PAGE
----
Over the last couple of years, alleged privacy violations of the Illinois Biometric Information Privacy Act (“BIPA”) have flooded Illinois courts. One unique aspect of the BIPA class action cases in Illinois is seen when plaintiffs do not have to allege any actual injury or adverse effect. That is, since the Illinois Supreme Court’s decision in Rosenbach v. Six Flags Ent. Corp., 432 Ill. Dec. 654, 129 N.E.3d 197 (Ill. 2019), Illinois courts have found plaintiffs have standing to bring cases with nothing more than the mere allegation of a technical violation of BIPA. These cases have survived motions to dismiss despite no allegations of identity fraud or theft of private biometric information. Of course, outside of Illinois BIPA cases, courts still require plaintiffs to at least allege harm resulting from a privacy incident to survive a motion to dismiss.

A recent example of a privacy dispute requiring allegations of damage to survive a motion to dismiss is seen in the unpublished decision Abernathy v. Brandywine Urology Consultants, P.A., 2021 WL 211144 (Del. 2021). The privacy incident in Abernathy resulted from a ransomware attack on Brandywine’s computer network that contained sensitive patient data and medical records needed for the operation of the medical clinic. For some reason, there was no attempt to collect a ransom. A group of Brandywine patients filed a class-action lawsuit.

The Abernathy court found the following information to be important about the privacy incident:

  • Brandywine took immediate steps to notify its patients of the attack by issuing a Notice of Potential Data Breach.
  • The Notice informed patients “that it was possible, though [Brandywine] believed that it was unlikely,’ that their personal information and financial information was compromised.”
  • The Notice also stated that Brandywine would keep patients informed of “the results of its ongoing investigation.”

The class-action plaintiffs filed suit against Brandywine alleged the privacy incident resulted from Brandywine’s negligence along with a number of other causes of action. Brandywine filed a motion to dismiss the complaint arguing the plaintiffs lacked standing to bring the class action. In particular, Brandywine argued that plaintiffs failed to allege an injury in fact and that any alleged injuries could not be traced back to Brandywine. As seen in many “standing” cases, plaintiffs took the position they sustained an injury from the following “harms:” (1) imminent risk of future harm; (2) mitigation expenses; (3) loss of privacy; (4) anxiety; (5) failure to receive the benefit of a bargain; (6) loss of value of property in personally identifying information; and (7) disruption to plaintiff’s medical care.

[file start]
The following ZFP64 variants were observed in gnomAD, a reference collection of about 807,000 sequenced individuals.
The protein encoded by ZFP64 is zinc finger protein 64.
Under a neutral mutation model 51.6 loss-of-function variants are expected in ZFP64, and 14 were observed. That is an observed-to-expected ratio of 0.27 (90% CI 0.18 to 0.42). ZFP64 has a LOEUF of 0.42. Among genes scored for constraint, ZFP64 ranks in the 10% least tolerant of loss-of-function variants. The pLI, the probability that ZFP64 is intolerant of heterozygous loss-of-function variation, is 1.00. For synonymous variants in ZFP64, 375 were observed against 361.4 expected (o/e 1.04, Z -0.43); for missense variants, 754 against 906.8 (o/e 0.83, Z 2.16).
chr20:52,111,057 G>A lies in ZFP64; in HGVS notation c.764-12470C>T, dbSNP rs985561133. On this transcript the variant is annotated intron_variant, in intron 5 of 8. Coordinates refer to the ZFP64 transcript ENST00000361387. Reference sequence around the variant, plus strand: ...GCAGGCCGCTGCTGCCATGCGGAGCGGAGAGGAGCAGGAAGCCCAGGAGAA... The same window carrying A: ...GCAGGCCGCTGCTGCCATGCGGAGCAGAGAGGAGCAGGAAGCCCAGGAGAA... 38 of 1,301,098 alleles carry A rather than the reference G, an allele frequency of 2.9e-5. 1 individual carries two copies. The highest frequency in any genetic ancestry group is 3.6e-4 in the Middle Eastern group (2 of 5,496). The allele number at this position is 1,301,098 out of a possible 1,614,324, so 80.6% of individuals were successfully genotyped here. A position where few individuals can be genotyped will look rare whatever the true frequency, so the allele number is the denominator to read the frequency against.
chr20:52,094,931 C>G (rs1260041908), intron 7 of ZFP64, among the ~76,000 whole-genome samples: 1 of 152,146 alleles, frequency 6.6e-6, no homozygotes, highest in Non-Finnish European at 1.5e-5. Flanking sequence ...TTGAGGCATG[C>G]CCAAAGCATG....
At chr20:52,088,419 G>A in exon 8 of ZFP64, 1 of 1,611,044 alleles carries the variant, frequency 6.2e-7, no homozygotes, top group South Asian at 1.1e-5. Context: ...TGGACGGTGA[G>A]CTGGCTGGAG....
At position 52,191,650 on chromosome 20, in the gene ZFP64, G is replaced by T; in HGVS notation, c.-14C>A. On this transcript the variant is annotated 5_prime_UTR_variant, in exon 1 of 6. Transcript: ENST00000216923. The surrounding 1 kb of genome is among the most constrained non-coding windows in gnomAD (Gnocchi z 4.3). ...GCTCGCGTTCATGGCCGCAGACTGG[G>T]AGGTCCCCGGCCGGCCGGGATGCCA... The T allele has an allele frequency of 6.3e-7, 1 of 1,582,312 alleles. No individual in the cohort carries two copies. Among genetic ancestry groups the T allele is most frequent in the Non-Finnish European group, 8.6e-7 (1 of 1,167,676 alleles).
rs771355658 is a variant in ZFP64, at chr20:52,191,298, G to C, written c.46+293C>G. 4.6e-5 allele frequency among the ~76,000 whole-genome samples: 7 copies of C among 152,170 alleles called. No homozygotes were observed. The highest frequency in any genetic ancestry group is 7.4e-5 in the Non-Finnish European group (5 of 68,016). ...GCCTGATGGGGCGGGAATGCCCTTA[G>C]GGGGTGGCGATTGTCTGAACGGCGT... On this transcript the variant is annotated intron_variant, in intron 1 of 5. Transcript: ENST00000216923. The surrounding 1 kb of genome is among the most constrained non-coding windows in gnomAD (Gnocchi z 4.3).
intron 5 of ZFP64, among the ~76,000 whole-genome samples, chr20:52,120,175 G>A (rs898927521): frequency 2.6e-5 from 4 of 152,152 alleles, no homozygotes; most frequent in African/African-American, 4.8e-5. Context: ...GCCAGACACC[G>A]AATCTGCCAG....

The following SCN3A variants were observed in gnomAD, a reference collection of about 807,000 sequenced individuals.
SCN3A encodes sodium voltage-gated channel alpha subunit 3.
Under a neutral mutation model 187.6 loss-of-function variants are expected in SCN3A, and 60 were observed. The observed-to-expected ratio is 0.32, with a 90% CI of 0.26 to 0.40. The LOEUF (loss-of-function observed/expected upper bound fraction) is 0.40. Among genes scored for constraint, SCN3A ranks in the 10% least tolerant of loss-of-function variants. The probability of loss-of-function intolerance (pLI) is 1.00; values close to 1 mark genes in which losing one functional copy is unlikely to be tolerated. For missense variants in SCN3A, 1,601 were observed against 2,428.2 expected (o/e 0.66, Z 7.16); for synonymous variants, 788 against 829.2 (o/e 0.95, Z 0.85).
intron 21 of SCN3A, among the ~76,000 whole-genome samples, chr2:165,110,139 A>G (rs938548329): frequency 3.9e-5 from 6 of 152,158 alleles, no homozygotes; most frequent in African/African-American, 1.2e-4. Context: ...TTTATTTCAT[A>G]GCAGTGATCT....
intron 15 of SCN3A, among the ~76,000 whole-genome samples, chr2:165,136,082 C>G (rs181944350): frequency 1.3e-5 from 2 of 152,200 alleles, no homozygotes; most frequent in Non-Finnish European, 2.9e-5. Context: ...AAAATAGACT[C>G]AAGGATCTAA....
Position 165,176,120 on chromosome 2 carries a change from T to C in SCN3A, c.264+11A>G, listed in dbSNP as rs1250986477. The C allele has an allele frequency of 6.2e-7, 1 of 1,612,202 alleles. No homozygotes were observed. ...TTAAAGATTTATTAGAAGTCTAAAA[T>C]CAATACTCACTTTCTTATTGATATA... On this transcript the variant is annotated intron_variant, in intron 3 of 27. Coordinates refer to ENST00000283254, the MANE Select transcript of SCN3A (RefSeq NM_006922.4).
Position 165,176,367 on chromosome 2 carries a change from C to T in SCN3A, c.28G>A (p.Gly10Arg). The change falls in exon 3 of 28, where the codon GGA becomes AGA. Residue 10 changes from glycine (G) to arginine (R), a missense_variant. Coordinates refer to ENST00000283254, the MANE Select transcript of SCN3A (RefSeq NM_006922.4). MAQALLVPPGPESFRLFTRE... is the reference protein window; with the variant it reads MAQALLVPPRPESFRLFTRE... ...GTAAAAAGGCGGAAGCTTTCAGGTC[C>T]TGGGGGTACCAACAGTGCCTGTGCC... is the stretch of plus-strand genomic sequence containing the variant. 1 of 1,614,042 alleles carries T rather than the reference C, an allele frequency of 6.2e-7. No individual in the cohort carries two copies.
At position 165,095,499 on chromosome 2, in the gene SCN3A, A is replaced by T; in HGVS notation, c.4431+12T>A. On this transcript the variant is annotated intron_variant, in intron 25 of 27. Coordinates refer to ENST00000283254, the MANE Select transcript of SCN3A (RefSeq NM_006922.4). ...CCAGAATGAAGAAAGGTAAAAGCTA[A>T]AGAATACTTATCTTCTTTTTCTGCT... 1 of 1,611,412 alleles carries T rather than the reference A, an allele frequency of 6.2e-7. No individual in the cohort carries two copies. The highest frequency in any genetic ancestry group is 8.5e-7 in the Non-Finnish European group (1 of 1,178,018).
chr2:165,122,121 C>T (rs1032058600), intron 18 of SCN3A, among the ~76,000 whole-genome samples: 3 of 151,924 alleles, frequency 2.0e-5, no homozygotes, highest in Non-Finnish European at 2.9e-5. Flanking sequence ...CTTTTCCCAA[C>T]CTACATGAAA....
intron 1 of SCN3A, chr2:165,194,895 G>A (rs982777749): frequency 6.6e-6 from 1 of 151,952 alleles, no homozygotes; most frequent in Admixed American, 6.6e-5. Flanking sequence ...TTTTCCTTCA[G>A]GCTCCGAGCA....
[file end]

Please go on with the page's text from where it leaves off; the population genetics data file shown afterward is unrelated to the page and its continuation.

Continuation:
In granting Brandywine’s motion to dismiss, the Court provided the following analysis on whether the plaintiffs suffered an injury. First, while Delaware courts had not addressed the question of whether the imminent risk of future harm from a data breach constitutes an injury-in-fact, the Abernathy Court looked to a number of federal court decisions holding a plaintiff lacks standing to sue a party that failed to protect data. These courts held there was no standing absent proof of actual misuse or fraud.  The Abernathy Court further noted that the Notice sent to Brandywine’s patients “stated there was a possibility that personal and financial information was compromised during the attack.” This Notice was found by the Court to not be a “concession of a plausible, concrete, imminent, or certain threat.”

Additionally, the Abernathy Court held the response to the attack was proper and found Brandywine “appeared to take swift and appropriate measures to investigate and mitigate the data breach.” The Court made it clear that Brandywine should not be punished for sending out the Notice. This conduct, informing individuals quickly about a potential privacy issue, should be encouraged. (“The Court is reluctant to make any ruling that would chill efforts to notify patients or clients of security breaches out of an abundance of caution.”)

In conclusion, the Abernathy Court granted Brandywine’s motion to dismiss because plaintiffs “failed to allege that any of them have been victims of any actual harm stemming from the attack.  As almost a year has now passed without any harm occurring, it appears unlikely that plaintiffs would be harmed in the near future.”

The Abernathy decision offers a useful reminder that plaintiffs, outside of BIPA litigation, will need to show real harm results from a privacy incident. It also shows how a data collector can control the situation even after a security incident by having a good response plan in place and ready to go. The Abernathy Court may not have been willing to side with Brandywine if it was shown that Brandywine lacked a reasonable response and kept its patients informed of the steps taken in response to the ransomware attack. This decision provides even more reason to have a proper response plan in place and ready to go.

For more information about this article, contact Todd Rowe, working at home, of course, at